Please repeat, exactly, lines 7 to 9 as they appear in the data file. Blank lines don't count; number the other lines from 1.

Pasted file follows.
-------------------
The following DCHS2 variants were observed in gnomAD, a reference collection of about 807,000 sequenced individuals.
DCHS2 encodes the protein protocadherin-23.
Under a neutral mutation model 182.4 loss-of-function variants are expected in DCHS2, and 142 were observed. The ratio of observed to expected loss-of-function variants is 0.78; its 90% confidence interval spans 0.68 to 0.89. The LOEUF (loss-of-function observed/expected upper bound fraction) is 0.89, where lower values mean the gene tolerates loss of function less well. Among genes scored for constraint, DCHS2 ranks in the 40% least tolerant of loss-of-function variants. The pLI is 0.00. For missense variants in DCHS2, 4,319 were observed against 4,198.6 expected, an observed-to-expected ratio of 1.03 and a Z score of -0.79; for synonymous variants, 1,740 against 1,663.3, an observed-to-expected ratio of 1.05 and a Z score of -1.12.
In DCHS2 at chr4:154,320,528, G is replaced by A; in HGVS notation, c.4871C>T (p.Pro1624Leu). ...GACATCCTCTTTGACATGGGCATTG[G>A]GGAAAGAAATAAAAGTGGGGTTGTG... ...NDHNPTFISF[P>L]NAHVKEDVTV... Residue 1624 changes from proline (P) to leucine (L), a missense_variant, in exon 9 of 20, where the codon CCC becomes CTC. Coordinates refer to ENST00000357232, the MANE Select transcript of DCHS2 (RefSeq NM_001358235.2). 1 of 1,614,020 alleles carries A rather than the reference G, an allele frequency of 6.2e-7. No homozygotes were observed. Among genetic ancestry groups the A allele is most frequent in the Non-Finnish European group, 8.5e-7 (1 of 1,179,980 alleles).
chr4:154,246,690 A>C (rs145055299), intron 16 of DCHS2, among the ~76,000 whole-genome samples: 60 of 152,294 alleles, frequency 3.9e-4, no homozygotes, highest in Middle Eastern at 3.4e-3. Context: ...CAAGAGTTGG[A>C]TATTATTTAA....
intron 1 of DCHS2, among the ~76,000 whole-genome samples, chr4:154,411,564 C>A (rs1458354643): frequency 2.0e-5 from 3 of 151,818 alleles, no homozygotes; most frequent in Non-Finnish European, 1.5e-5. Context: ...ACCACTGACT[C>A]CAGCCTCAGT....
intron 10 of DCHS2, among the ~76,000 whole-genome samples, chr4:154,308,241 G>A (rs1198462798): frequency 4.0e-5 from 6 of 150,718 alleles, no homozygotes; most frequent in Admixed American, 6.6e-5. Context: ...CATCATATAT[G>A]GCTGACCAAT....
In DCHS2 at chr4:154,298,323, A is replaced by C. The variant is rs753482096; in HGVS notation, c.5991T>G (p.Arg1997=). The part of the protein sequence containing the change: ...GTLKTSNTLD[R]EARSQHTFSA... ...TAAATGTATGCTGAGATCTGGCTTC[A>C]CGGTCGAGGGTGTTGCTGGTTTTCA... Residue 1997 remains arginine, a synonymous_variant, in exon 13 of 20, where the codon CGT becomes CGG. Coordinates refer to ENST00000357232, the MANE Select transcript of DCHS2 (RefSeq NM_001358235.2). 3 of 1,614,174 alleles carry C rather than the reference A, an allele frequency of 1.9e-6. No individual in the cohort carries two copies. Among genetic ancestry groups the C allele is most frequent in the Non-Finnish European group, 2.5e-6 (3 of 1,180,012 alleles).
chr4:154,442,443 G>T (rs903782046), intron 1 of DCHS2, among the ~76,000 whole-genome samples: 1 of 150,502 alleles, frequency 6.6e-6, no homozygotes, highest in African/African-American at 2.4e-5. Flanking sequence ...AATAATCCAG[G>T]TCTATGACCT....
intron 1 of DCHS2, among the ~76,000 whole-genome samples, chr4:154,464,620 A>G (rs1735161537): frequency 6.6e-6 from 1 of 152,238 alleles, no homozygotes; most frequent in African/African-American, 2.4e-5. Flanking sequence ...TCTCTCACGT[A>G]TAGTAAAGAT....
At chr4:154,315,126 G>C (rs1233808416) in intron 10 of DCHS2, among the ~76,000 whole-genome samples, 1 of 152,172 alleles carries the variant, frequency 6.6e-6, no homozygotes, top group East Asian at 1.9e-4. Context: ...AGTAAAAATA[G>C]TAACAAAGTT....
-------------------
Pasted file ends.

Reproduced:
intron 10 of DCHS2, among the ~76,000 whole-genome samples, chr4:154,308,241 G>A (rs1198462798): frequency 4.0e-5 from 6 of 150,718 alleles, no homozygotes; most frequent in Admixed American, 6.6e-5. Context: ...CATCATATAT[G>A]GCTGACCAAT....
In DCHS2 at chr4:154,298,323, A is replaced by C. The variant is rs753482096; in HGVS notation, c.5991T>G (p.Arg1997=). The part of the protein sequence containing the change: ...GTLKTSNTLD[R]EARSQHTFSA... ...TAAATGTATGCTGAGATCTGGCTTC[A>C]CGGTCGAGGGTGTTGCTGGTTTTCA... Residue 1997 remains arginine, a synonymous_variant, in exon 13 of 20, where the codon CGT becomes CGG. Coordinates refer to ENST00000357232, the MANE Select transcript of DCHS2 (RefSeq NM_001358235.2). 3 of 1,614,174 alleles carry C rather than the reference A, an allele frequency of 1.9e-6. No individual in the cohort carries two copies. Among genetic ancestry groups the C allele is most frequent in the Non-Finnish European group, 2.5e-6 (3 of 1,180,012 alleles).
chr4:154,442,443 G>T (rs903782046), intron 1 of DCHS2, among the ~76,000 whole-genome samples: 1 of 150,502 alleles, frequency 6.6e-6, no homozygotes, highest in African/African-American at 2.4e-5. Flanking sequence ...AATAATCCAG[G>T]TCTATGACCT....